When M was born into a world of complete silence, deafness wasn’t on our radar. At all. Maybe other stuff, but deafness, not so much. I still can’t quite explain the feelings that I had in those earliest days. I was in a very dark and lonely place. I felt emotionally paralyzed. This completely dependent, beautiful baby needed to eat every two hours and all I wanted to do was hide in my bed. My husband would come into our room and say, “You need to go pick her up. You need to feed her and snuggle her.” I would resist. I didn’t want to hold her or look into her big eyes. I didn't want to snap out of the sadness I was in- and when I actually made contact with her, it was impossible to feel completely broken because she was this amazing little being looking up at me. Finally I would give in because she needed to eat every two hours, and then moments into cradling her in my arms she would somehow, inexplicably, cut through my grief. The deep sadness still sat in me, but there were moments of reprieve as I held her.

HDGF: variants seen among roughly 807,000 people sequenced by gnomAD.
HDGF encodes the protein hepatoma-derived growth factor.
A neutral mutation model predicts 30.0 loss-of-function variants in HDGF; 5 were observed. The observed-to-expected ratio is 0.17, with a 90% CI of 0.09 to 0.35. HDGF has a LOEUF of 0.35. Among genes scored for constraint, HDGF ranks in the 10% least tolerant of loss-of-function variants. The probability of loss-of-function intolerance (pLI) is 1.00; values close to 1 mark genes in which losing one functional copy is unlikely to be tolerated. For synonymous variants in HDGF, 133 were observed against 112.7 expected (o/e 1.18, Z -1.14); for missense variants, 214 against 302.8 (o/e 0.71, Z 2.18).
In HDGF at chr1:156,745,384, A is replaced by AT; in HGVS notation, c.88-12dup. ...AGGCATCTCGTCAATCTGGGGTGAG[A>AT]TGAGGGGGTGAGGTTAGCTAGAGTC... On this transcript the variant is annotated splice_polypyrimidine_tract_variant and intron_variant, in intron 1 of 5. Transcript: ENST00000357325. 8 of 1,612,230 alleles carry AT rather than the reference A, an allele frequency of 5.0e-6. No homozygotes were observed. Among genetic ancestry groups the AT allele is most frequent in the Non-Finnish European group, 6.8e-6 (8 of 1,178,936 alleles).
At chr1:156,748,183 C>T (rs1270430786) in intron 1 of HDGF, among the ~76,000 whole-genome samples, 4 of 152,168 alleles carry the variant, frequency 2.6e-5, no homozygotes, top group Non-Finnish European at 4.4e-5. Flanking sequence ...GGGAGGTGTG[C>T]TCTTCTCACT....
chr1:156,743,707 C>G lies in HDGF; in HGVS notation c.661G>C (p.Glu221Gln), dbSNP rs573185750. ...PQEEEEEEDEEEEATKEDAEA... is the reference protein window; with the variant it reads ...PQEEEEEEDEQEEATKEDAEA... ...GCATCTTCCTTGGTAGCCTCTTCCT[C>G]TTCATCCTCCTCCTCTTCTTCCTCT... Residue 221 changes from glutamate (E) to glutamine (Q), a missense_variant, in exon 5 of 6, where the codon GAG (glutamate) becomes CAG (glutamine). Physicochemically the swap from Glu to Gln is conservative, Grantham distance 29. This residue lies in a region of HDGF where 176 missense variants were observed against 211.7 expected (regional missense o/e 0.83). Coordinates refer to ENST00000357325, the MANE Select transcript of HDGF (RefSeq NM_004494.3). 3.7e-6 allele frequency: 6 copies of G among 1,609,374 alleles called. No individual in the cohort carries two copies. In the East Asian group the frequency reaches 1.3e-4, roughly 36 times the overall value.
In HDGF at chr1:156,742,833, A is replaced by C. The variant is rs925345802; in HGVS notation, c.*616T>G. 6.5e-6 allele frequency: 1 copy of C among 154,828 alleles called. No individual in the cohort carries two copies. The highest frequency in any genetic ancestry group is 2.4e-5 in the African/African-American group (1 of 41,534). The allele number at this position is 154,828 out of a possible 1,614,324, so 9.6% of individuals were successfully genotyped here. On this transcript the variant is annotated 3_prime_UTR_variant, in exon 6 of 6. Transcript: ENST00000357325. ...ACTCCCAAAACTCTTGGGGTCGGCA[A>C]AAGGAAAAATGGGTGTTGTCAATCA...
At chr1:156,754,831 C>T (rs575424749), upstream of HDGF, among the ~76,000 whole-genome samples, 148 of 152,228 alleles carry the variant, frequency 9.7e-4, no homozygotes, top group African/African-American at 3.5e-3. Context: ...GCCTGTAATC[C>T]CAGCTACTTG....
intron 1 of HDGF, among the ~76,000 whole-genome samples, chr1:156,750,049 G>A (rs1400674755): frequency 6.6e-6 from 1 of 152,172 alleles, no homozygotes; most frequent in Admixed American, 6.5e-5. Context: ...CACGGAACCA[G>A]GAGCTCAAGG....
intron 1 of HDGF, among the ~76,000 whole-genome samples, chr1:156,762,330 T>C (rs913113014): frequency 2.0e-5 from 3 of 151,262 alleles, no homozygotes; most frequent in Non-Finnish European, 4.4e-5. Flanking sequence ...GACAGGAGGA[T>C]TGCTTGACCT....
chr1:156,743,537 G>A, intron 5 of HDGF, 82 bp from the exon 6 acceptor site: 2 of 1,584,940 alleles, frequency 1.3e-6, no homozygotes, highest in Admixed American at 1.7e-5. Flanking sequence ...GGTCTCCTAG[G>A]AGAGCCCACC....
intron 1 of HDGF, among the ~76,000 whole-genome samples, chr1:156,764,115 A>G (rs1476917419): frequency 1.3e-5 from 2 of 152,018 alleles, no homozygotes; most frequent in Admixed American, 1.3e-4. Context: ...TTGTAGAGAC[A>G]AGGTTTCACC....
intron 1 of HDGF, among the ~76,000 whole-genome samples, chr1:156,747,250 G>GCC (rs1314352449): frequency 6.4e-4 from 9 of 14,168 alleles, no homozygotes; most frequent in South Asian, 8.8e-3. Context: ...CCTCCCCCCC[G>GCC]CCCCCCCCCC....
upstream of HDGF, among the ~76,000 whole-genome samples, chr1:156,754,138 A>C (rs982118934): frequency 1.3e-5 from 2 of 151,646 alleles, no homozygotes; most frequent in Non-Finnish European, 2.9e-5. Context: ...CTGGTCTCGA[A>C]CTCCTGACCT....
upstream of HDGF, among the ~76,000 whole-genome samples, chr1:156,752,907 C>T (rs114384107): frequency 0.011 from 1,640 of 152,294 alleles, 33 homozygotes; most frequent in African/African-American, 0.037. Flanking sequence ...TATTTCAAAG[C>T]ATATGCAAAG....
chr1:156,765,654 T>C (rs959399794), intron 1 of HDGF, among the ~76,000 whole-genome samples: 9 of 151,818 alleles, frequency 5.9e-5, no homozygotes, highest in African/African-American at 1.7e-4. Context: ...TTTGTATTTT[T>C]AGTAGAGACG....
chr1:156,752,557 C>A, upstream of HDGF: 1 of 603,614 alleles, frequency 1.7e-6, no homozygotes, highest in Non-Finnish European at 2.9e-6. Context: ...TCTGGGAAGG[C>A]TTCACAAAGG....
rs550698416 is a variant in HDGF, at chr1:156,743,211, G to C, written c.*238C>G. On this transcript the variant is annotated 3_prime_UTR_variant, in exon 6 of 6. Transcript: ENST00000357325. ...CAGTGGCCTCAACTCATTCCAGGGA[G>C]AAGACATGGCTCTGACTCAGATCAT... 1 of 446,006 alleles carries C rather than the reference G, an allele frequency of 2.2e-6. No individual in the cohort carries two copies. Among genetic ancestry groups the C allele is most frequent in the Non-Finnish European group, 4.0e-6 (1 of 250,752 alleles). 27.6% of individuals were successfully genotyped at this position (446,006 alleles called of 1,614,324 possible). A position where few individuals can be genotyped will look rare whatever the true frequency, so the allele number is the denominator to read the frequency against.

In those very early days I felt so empty and lost. I didn’t really know how to proceed. It was as if I was treading water and no matter how hard I pushed my arms through the water I was sinking deeper and deeper into grief. I didn't want to be around anyone- even my dearest and closest friends and family. I (briefly, like for a nano-nanosecond) considered giving my daughter up for adoption. It was maybe one of my more dramatic plans. I thought of running away. I honestly felt like I didn’t even know how to be a parent, much less a parent of a child with special needs. I already loved this three-week-old baby, so it wasn’t that I wanted to get rid of her or that I wanted another baby who could hear instead. It was just that I was incredibly scared of messing up, and when it came down to it, this wasn’t the way I’d anticipated my story going. I felt like I was broken in a way that couldn't be fixed.